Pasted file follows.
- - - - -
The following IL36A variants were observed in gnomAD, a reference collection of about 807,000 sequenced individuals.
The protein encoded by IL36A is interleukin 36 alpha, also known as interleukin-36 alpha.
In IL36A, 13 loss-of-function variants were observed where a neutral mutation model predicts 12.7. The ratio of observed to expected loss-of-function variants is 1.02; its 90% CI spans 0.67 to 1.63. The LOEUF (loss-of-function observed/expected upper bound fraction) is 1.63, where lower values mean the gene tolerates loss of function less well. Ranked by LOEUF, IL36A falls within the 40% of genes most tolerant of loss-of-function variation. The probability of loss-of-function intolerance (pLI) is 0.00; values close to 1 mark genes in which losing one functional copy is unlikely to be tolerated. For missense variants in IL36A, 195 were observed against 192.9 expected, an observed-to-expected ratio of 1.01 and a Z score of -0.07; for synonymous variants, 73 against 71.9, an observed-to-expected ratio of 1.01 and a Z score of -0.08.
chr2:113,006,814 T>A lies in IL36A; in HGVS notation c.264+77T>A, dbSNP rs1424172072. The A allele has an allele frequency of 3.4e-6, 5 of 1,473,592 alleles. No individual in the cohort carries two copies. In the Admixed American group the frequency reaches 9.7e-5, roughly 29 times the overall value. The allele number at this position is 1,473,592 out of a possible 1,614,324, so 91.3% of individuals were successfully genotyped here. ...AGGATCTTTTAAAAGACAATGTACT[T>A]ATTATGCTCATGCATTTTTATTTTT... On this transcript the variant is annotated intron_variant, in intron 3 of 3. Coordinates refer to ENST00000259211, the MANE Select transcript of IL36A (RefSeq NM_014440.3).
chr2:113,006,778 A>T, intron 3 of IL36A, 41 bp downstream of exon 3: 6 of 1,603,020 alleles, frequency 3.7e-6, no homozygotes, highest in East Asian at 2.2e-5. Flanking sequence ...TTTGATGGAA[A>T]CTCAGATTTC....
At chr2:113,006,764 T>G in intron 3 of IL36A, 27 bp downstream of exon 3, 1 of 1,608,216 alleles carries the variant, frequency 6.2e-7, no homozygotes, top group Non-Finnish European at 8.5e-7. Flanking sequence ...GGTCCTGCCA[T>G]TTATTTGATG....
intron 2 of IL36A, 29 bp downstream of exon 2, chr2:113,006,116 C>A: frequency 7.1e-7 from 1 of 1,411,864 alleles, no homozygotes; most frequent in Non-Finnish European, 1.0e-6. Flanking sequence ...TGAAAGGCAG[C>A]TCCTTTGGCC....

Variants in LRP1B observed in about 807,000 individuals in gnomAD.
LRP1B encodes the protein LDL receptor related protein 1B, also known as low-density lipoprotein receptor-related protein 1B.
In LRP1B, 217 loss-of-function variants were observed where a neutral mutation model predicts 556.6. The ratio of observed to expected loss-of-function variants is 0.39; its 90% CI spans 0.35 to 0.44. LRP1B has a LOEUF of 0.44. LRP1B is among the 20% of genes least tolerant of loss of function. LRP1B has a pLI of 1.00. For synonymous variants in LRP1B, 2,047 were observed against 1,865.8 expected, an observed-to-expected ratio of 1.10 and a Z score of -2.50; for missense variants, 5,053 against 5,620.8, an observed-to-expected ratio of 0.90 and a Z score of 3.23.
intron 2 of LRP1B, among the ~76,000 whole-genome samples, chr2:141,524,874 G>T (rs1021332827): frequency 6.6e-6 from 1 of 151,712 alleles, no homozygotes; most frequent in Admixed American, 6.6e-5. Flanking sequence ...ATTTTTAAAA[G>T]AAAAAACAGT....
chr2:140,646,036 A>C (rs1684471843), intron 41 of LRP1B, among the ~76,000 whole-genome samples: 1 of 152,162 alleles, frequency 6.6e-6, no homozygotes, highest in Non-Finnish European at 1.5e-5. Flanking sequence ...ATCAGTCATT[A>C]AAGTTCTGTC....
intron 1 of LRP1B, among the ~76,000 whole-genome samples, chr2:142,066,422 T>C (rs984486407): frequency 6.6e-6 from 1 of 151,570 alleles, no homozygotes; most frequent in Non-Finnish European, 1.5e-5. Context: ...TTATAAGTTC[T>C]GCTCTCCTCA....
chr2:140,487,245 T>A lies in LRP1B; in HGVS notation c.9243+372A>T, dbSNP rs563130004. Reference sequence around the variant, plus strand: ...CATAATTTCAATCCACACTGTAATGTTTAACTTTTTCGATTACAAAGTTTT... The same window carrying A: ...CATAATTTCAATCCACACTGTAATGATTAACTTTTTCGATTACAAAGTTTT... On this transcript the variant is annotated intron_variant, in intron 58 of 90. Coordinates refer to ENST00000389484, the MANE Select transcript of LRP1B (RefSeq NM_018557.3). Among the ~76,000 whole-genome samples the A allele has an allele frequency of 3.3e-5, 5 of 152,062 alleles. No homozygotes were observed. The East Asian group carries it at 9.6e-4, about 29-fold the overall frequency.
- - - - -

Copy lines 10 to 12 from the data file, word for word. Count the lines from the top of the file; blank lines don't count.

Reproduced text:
In LRP1B, 217 loss-of-function variants were observed where a neutral mutation model predicts 556.6. The ratio of observed to expected loss-of-function variants is 0.39; its 90% CI spans 0.35 to 0.44. LRP1B has a LOEUF of 0.44. LRP1B is among the 20% of genes least tolerant of loss of function. LRP1B has a pLI of 1.00. For synonymous variants in LRP1B, 2,047 were observed against 1,865.8 expected, an observed-to-expected ratio of 1.10 and a Z score of -2.50; for missense variants, 5,053 against 5,620.8, an observed-to-expected ratio of 0.90 and a Z score of 3.23.
intron 2 of LRP1B, among the ~76,000 whole-genome samples, chr2:141,524,874 G>T (rs1021332827): frequency 6.6e-6 from 1 of 151,712 alleles, no homozygotes; most frequent in Admixed American, 6.6e-5. Flanking sequence ...ATTTTTAAAA[G>T]AAAAAACAGT....
chr2:140,646,036 A>C (rs1684471843), intron 41 of LRP1B, among the ~76,000 whole-genome samples: 1 of 152,162 alleles, frequency 6.6e-6, no homozygotes, highest in Non-Finnish European at 1.5e-5. Flanking sequence ...ATCAGTCATT[A>C]AAGTTCTGTC....